Blog: How do you solve a problem like Tesco?

07 June, 2013

The Sound of Music may have tabled the question: “How do you solve a problem like Maria?”

But this week in the City there was the plea: “How do you solve a problem like Tesco.”

Shares in Tesco fell by around 5% after the supermarket giant reported a drop in UK sales over the past three months. Earlier this week it said that like-for-like UK sales, excluding petrol and VAT, dropped by 1% during the 13 weeks ending 25 May 2013.

In April, Tesco reported its first fall in annual profits for 20 years, and also said it was exiting its US chain Fresh & Easy at a cost of £1.2bn. The retailer is also planning a programme of store refurbishments and wants to refit almost 70 of its larger outlets.

This week it blamed TVs, saying that it has given too much space away to these large electronic goods that actually don’t generate enough profit. Along with the small matter of the horsemeat scandal, being intrinsically linked to it in the eyes’ of the consumer, no matter the reality.

Ah… wouldn’t we all like to blame our woes on rows and rows of big screen TVs?

Philip Clarke, chief executive, said: “In April, we set out our approach for growth and returns for the group, including a number of appropriate and realistic objectives for the years ahead, and we have started the year on track, despite a continued difficult economic environment for consumers.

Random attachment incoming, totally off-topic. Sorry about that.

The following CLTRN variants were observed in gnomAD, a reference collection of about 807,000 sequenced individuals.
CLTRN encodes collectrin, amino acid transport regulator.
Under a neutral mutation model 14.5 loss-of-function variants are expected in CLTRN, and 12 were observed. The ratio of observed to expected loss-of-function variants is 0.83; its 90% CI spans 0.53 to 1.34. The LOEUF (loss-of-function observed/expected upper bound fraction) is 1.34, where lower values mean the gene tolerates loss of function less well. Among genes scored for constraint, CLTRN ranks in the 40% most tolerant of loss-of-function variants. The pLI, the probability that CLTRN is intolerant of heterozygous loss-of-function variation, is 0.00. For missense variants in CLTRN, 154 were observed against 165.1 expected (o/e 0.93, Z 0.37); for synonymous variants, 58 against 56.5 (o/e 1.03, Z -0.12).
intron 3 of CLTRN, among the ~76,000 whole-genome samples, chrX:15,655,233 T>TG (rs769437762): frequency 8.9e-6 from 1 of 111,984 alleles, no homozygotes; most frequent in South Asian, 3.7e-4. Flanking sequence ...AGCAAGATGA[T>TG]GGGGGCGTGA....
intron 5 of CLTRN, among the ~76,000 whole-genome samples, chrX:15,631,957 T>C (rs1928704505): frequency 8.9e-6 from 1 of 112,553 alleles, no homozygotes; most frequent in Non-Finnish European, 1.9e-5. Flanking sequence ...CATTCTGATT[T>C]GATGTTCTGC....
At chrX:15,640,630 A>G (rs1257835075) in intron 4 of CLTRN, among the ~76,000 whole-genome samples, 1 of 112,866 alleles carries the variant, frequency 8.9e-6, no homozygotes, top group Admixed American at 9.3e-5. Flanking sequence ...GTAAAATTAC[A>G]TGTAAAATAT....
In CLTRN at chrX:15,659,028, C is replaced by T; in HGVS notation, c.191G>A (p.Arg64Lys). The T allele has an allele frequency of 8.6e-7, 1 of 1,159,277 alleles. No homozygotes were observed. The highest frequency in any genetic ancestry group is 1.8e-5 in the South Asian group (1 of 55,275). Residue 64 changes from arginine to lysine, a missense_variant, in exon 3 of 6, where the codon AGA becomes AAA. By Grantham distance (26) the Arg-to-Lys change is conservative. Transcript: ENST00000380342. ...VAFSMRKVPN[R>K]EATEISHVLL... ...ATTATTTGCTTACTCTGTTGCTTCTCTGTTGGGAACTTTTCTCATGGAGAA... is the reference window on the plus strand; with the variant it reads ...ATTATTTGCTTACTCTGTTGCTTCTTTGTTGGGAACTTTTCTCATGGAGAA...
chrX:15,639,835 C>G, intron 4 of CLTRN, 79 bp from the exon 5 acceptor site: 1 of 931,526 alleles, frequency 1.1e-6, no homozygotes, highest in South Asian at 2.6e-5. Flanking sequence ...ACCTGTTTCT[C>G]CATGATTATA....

“This is notwithstanding our planned work on general merchandise, which has held back sales in the UK, and a small but discernible impact on frozen and chilled convenience food sales due to the customer response to equine DNA being detected in four products.”

He added that Tesco had set out its plan to “put customers back at the heart of the way we do business”. This has taken the form of initiatives on price and ‘food trust’.

The problem with Tesco (if indeed there is one) stems from this later statement. In a post No Logo, Naomi Klein world, the one size fits all, cookie cutter superstore is well… just not cutting it. Every talk on retail I attend has an expert outlining how fickle the consumer is, how short on time they are and how they are looking for an experience. My local Tesco does not provide this, swamped as it is by its popularity and stifling entrance layout. However, I have been to the ones that have, albeit in affluent or edgier areas than the God’s waiting room of Eastbourne (apologies to my adopted home, but it is hardly cutting edge).

And in those stores Tesco is doing a great job. Its link up with Euphorium Bakery is a stroke of genius, delivering what the consumer wants and the way the want it. Harris + Hoole and Giraffe only add to this mix.

If only we all had problems like Tesco, eh?





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